Monthly Archives: January 2018

Macular Degeneration: Alzheimer’s Disease of the Eye?

Macular degeneration affects more than 10 million Americans, making it the leading cause of vision loss. It occurs when, for reasons that aren’t entirely understood, the central region of the retina (known as the “macula”) begins to deteriorate. The disease is considered incurable and usually occurs in people over the age of 55. Smokers and individuals of Caucasian decent are at an increased risk, as well as anyone with a family history of the disease.

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This animation from the American Macular Degeneration Foundation shows the loss of central vision that occurs with this disease.

Surprisingly, there are many parallels between macular degeneration and Alzheimer’s disease. Though the two conditions may seem unrelated, both are believed to be caused by the buildup of a toxic protein called amyloid-beta. In Alzheimer’s disease, amyloid-beta plaques accumulate in the brain, while in macular degeneration, amyloid-beta forms fatty deposits behind the retina called “drusen.” Plaques and drusen appear to have similar composition of proteins and fats, and utilize the same mechanisms to damage surrounding tissue.

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Diagram of a normal eye and an eye with macular degeneration. Image Source

The similarities between these two diseases don’t end there. Older people with macular degeneration are three times as likely to have cognitive impairment, suggesting that the same processes leading to amyloid-beta accumulation in the retina could also be occurring in the brain. This makes sense, since the retina and the brain are both part of the central nervous system. Additionally, several mouse models of Alzheimer’s disease exhibit amyloid-beta buildup in both the brain and the retina, further cementing the link between the two conditions.

The emerging connection between Alzheimer’s and macular degeneration has several important consequences. If amyloid-beta buildup in the retina could be a sign of a similar process happening in the brain, it raises the possibility that eye exams could serve as a non-invasive method to screen people for Alzheimer’s disease. Clinical trials for this idea are still ongoing, but the early results seem encouraging. These eye exams could potentially allow for earlier Alzheimer’s diagnosis or a lower risk of misdiagnosis.

This relationship also suggests that people with Alzheimer’s disease could be at a greater risk of macular degeneration, or vice versa. If you or a loved one is experiencing dementia, it’s recommended to minimize the risk of macular degeneration by receiving regular eye exams, protecting the eyes from sunlight, and maintaining a healthy diet.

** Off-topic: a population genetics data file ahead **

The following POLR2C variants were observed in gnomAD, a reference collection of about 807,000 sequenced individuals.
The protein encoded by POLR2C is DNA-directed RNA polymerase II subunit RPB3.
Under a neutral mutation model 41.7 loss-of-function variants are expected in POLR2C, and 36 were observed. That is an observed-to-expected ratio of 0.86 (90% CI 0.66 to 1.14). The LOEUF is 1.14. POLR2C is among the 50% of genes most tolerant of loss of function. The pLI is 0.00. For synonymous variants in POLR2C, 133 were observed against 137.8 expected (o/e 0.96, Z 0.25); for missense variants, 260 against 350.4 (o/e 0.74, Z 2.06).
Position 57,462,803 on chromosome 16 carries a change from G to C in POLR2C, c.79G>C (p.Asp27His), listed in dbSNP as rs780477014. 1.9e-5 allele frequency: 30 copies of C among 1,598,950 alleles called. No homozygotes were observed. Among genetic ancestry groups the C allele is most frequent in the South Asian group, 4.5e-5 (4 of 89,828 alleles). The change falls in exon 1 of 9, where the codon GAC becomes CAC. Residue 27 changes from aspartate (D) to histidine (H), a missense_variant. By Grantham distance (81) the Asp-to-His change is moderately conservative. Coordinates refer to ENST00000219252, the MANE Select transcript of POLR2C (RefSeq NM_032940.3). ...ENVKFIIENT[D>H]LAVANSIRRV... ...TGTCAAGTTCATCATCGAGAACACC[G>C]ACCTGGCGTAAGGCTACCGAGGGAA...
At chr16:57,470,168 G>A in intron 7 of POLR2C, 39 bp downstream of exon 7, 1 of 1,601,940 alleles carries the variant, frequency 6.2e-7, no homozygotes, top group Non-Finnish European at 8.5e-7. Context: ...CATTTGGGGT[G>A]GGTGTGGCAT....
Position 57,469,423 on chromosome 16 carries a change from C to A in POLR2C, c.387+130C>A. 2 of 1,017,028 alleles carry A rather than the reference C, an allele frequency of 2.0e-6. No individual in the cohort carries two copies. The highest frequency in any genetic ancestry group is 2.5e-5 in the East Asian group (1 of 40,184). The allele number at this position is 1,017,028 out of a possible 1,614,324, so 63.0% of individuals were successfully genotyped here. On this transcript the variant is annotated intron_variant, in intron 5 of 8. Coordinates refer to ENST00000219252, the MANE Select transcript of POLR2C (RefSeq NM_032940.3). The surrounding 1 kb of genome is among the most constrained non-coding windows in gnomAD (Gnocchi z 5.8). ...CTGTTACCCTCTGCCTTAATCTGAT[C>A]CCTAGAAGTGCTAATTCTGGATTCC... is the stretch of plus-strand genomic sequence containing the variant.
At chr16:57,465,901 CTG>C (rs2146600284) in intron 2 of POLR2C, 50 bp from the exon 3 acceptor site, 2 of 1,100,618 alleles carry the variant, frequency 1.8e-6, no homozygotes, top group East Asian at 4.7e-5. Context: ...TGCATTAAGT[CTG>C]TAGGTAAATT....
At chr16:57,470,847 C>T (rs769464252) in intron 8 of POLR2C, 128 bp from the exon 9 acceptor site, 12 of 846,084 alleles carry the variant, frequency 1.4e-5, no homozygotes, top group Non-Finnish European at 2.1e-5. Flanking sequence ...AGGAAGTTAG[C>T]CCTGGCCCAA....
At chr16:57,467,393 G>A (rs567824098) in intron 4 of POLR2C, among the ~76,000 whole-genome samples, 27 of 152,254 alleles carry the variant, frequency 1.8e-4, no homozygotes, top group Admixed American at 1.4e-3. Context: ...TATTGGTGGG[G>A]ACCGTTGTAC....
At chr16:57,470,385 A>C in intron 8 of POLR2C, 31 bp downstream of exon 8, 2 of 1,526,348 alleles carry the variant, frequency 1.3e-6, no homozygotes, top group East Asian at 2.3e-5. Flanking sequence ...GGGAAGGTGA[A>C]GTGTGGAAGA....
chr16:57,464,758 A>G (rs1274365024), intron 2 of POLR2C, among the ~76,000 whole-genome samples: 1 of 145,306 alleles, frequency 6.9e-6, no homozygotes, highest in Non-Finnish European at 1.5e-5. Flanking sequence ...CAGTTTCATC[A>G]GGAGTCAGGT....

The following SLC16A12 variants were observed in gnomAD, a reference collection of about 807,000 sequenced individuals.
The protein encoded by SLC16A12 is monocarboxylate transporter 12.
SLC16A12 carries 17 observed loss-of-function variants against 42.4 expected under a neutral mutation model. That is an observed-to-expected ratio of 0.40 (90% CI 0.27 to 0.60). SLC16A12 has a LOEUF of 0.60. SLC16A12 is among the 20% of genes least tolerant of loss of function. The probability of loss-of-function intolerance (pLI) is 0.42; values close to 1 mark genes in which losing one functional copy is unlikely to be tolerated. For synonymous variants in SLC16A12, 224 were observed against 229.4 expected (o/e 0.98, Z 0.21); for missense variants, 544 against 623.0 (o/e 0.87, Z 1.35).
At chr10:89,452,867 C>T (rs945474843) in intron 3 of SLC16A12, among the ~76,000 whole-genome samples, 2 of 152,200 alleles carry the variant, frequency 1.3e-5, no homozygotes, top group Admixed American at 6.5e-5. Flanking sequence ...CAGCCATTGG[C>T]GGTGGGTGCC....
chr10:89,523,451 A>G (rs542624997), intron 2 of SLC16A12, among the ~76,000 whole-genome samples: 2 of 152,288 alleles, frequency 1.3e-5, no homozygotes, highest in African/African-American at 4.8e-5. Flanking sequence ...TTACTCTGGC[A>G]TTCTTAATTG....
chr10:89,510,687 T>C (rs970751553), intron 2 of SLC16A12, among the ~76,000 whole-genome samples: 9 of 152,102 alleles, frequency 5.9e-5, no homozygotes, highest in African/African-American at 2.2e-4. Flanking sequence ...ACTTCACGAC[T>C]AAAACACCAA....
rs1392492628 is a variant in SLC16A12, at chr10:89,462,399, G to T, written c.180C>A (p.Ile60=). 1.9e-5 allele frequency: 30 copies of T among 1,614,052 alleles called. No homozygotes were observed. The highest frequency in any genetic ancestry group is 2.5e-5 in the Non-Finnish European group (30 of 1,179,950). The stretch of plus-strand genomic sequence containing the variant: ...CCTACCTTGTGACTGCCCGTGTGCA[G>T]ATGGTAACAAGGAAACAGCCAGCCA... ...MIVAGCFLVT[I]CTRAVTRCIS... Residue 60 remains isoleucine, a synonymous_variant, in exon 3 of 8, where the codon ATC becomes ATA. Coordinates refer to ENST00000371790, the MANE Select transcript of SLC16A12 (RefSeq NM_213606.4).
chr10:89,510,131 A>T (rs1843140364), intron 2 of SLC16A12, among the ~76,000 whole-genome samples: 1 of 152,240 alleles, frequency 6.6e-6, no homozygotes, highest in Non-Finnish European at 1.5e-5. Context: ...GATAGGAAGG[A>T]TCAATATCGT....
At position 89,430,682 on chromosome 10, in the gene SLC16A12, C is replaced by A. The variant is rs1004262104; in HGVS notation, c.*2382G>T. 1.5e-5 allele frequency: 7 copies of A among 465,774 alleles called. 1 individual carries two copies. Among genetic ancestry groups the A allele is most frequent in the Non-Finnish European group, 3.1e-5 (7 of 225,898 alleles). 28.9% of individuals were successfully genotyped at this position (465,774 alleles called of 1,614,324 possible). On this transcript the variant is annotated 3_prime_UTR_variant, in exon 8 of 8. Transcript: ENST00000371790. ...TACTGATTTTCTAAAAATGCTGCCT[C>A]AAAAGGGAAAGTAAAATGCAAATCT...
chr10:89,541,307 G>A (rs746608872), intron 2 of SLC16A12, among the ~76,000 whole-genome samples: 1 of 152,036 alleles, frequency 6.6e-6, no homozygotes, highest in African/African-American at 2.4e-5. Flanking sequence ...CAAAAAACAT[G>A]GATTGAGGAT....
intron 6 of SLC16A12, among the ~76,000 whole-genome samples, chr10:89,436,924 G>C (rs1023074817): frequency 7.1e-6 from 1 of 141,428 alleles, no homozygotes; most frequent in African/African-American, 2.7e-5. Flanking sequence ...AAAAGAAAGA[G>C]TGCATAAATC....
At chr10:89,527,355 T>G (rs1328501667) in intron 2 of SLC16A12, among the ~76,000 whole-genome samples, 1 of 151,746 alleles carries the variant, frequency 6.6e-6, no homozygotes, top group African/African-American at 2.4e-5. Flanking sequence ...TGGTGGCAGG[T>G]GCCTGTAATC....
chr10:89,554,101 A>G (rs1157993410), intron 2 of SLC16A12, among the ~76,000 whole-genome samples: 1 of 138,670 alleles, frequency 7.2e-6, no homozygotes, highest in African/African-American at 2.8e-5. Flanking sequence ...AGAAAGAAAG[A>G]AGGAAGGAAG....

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Anxiety and Depression May Be Early Signs of Alzheimer’s Disease

Though most people with Alzheimer’s disease aren’t diagnosed until after age 65, the disease can begin in their brains years or even decades before that. For this reason, scientists have been trying to identifying biomarkers that will allow us to diagnose Alzheimer’s at an earlier stage, prior to the onset of cognitive symptoms.

In a study published last week in The American Journal of Psychiatry, researchers from Harvard University examined 270 subjects aged 62 to 90, all of whom lived in a retirement community and initially showed no signs of cognitive impairment or mental illness. The subjects were given a test for geriatric depression and a PET scan of their brains annually for five years.

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Researchers used a PET scanner like this one to examine amyloid-beta levels in the subjects’ brains.

At the beginning of the study, participants who had depression had higher levels of amyloid-beta, a toxic protein linked to Alzheimer’s disease, in their brains. Furthermore, participants with higher amyloid-beta levels at baseline had steeper increases in their geriatric depression scores after five years. These results suggest that a sudden development or worsening of depressive symptoms could be a sign of early Alzheimer’s disease.

Next, the researchers looked at the participants’ subscores for different sections of the depression test. They found that only the anxiety subscore was correlated with amyloid-beta levels. The other two subscores, which relate to apathy and unhappiness, had no relationship to amyloid-beta. This suggests that anxious-depressive symptoms are the strongest predictor of early Alzheimer’s disease.

It’s difficult to determine from this study whether anxiety or depression could lead to Alzheimer’s disease, or if instead preclinical Alzheimer’s causes anxiety/depression. It’s likely that there are many other factors at play, such as social interaction, diet, and exercise levels. Additionally, the small sample size prevents us from drawing broad conclusions. However, the authors of the study are currently working on a follow-up analysis of these subjects, which should illuminate whether the people with higher amyloid-beta levels went on to be diagnosed with Alzheimer’s disease.

In the meantime, if you or a loved one notices a sudden increase in anxious-depressive symptoms, this should be taken seriously and brought up with a doctor. An earlier Alzheimer’s disease diagnosis, prior to the development of dementia, may allow our drugs to act more effectively and slow the rate of cognitive decline.

 

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